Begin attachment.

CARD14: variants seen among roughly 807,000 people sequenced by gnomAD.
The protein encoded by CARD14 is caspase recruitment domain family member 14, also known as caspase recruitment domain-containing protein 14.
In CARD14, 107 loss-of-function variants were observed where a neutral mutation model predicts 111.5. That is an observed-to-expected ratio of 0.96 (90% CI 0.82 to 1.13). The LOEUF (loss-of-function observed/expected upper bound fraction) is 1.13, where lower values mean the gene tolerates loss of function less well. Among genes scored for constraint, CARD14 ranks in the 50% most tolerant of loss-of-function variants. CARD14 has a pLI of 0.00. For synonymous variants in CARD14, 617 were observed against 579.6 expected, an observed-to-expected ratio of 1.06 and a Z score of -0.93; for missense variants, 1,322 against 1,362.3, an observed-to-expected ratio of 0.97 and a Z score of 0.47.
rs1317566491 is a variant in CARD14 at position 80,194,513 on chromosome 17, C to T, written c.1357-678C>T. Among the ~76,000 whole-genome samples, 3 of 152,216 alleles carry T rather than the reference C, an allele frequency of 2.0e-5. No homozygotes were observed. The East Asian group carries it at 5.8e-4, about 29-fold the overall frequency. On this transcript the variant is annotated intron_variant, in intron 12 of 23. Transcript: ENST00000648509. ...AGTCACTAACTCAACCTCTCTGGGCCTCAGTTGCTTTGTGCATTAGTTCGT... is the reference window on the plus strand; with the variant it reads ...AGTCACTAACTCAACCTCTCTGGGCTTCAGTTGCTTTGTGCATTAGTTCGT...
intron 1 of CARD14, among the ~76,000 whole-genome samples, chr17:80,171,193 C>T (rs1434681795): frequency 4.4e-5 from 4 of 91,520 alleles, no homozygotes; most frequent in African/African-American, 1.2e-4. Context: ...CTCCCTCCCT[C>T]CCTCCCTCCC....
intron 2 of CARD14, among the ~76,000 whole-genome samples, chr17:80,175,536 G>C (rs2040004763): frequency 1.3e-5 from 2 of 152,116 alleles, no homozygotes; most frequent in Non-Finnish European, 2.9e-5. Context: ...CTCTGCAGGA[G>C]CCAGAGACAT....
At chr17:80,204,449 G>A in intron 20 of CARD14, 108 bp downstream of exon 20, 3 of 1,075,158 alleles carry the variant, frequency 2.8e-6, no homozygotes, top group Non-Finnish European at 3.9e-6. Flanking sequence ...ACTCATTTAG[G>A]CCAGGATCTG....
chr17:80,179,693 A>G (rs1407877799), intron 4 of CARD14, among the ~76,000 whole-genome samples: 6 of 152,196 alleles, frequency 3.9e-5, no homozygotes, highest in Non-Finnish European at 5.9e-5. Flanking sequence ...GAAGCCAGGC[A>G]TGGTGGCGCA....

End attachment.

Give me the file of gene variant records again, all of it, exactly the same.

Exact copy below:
CARD14: variants seen among roughly 807,000 people sequenced by gnomAD.
The protein encoded by CARD14 is caspase recruitment domain family member 14, also known as caspase recruitment domain-containing protein 14.
In CARD14, 107 loss-of-function variants were observed where a neutral mutation model predicts 111.5. That is an observed-to-expected ratio of 0.96 (90% CI 0.82 to 1.13). The LOEUF (loss-of-function observed/expected upper bound fraction) is 1.13, where lower values mean the gene tolerates loss of function less well. Among genes scored for constraint, CARD14 ranks in the 50% most tolerant of loss-of-function variants. CARD14 has a pLI of 0.00. For synonymous variants in CARD14, 617 were observed against 579.6 expected, an observed-to-expected ratio of 1.06 and a Z score of -0.93; for missense variants, 1,322 against 1,362.3, an observed-to-expected ratio of 0.97 and a Z score of 0.47.
rs1317566491 is a variant in CARD14 at position 80,194,513 on chromosome 17, C to T, written c.1357-678C>T. Among the ~76,000 whole-genome samples, 3 of 152,216 alleles carry T rather than the reference C, an allele frequency of 2.0e-5. No homozygotes were observed. The East Asian group carries it at 5.8e-4, about 29-fold the overall frequency. On this transcript the variant is annotated intron_variant, in intron 12 of 23. Transcript: ENST00000648509. ...AGTCACTAACTCAACCTCTCTGGGCCTCAGTTGCTTTGTGCATTAGTTCGT... is the reference window on the plus strand; with the variant it reads ...AGTCACTAACTCAACCTCTCTGGGCTTCAGTTGCTTTGTGCATTAGTTCGT...
intron 1 of CARD14, among the ~76,000 whole-genome samples, chr17:80,171,193 C>T (rs1434681795): frequency 4.4e-5 from 4 of 91,520 alleles, no homozygotes; most frequent in African/African-American, 1.2e-4. Context: ...CTCCCTCCCT[C>T]CCTCCCTCCC....
intron 2 of CARD14, among the ~76,000 whole-genome samples, chr17:80,175,536 G>C (rs2040004763): frequency 1.3e-5 from 2 of 152,116 alleles, no homozygotes; most frequent in Non-Finnish European, 2.9e-5. Context: ...CTCTGCAGGA[G>C]CCAGAGACAT....
At chr17:80,204,449 G>A in intron 20 of CARD14, 108 bp downstream of exon 20, 3 of 1,075,158 alleles carry the variant, frequency 2.8e-6, no homozygotes, top group Non-Finnish European at 3.9e-6. Flanking sequence ...ACTCATTTAG[G>A]CCAGGATCTG....
chr17:80,179,693 A>G (rs1407877799), intron 4 of CARD14, among the ~76,000 whole-genome samples: 6 of 152,196 alleles, frequency 3.9e-5, no homozygotes, highest in Non-Finnish European at 5.9e-5. Flanking sequence ...GAAGCCAGGC[A>G]TGGTGGCGCA....